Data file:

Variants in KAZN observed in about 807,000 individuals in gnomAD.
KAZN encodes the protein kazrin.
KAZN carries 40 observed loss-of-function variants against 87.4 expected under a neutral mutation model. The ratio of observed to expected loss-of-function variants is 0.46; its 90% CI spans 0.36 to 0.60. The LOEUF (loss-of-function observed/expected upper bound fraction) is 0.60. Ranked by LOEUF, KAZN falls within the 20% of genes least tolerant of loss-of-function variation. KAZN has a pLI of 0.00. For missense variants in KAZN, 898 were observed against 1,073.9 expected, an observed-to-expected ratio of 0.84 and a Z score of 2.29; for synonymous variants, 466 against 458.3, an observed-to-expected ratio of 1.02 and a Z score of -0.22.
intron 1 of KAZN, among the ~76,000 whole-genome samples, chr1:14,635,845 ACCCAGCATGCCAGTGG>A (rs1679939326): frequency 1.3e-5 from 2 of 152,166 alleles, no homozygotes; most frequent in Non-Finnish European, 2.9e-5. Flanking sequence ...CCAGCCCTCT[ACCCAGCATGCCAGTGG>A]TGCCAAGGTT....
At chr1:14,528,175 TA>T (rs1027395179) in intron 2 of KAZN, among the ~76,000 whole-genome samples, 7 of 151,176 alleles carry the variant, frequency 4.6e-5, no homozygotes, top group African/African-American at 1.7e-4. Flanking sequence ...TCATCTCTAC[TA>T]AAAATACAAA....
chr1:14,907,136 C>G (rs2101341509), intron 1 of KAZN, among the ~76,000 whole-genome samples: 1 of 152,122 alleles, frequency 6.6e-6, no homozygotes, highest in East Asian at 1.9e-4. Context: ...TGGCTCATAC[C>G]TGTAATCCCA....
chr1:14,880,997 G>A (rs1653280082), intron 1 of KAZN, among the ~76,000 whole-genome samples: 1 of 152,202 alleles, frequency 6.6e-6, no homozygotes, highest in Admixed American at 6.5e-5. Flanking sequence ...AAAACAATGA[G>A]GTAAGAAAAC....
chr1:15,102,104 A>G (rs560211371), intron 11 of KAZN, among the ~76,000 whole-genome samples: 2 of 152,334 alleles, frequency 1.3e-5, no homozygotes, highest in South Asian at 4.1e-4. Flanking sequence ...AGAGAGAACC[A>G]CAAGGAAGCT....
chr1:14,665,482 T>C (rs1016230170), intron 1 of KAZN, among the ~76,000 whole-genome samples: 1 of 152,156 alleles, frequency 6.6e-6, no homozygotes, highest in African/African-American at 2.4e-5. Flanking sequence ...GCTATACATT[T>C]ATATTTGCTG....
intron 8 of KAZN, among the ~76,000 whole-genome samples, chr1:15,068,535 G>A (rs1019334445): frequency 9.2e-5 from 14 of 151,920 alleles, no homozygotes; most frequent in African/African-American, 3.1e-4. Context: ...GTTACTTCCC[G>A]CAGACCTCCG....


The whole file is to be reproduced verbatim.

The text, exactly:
Variants in KAZN observed in about 807,000 individuals in gnomAD.
KAZN encodes the protein kazrin.
KAZN carries 40 observed loss-of-function variants against 87.4 expected under a neutral mutation model. The ratio of observed to expected loss-of-function variants is 0.46; its 90% CI spans 0.36 to 0.60. The LOEUF (loss-of-function observed/expected upper bound fraction) is 0.60. Ranked by LOEUF, KAZN falls within the 20% of genes least tolerant of loss-of-function variation. KAZN has a pLI of 0.00. For missense variants in KAZN, 898 were observed against 1,073.9 expected, an observed-to-expected ratio of 0.84 and a Z score of 2.29; for synonymous variants, 466 against 458.3, an observed-to-expected ratio of 1.02 and a Z score of -0.22.
intron 1 of KAZN, among the ~76,000 whole-genome samples, chr1:14,635,845 ACCCAGCATGCCAGTGG>A (rs1679939326): frequency 1.3e-5 from 2 of 152,166 alleles, no homozygotes; most frequent in Non-Finnish European, 2.9e-5. Flanking sequence ...CCAGCCCTCT[ACCCAGCATGCCAGTGG>A]TGCCAAGGTT....
At chr1:14,528,175 TA>T (rs1027395179) in intron 2 of KAZN, among the ~76,000 whole-genome samples, 7 of 151,176 alleles carry the variant, frequency 4.6e-5, no homozygotes, top group African/African-American at 1.7e-4. Flanking sequence ...TCATCTCTAC[TA>T]AAAATACAAA....
chr1:14,907,136 C>G (rs2101341509), intron 1 of KAZN, among the ~76,000 whole-genome samples: 1 of 152,122 alleles, frequency 6.6e-6, no homozygotes, highest in East Asian at 1.9e-4. Context: ...TGGCTCATAC[C>G]TGTAATCCCA....
chr1:14,880,997 G>A (rs1653280082), intron 1 of KAZN, among the ~76,000 whole-genome samples: 1 of 152,202 alleles, frequency 6.6e-6, no homozygotes, highest in Admixed American at 6.5e-5. Flanking sequence ...AAAACAATGA[G>A]GTAAGAAAAC....
chr1:15,102,104 A>G (rs560211371), intron 11 of KAZN, among the ~76,000 whole-genome samples: 2 of 152,334 alleles, frequency 1.3e-5, no homozygotes, highest in South Asian at 4.1e-4. Flanking sequence ...AGAGAGAACC[A>G]CAAGGAAGCT....
chr1:14,665,482 T>C (rs1016230170), intron 1 of KAZN, among the ~76,000 whole-genome samples: 1 of 152,156 alleles, frequency 6.6e-6, no homozygotes, highest in African/African-American at 2.4e-5. Flanking sequence ...GCTATACATT[T>C]ATATTTGCTG....
intron 8 of KAZN, among the ~76,000 whole-genome samples, chr1:15,068,535 G>A (rs1019334445): frequency 9.2e-5 from 14 of 151,920 alleles, no homozygotes; most frequent in African/African-American, 3.1e-4. Context: ...GTTACTTCCC[G>A]CAGACCTCCG....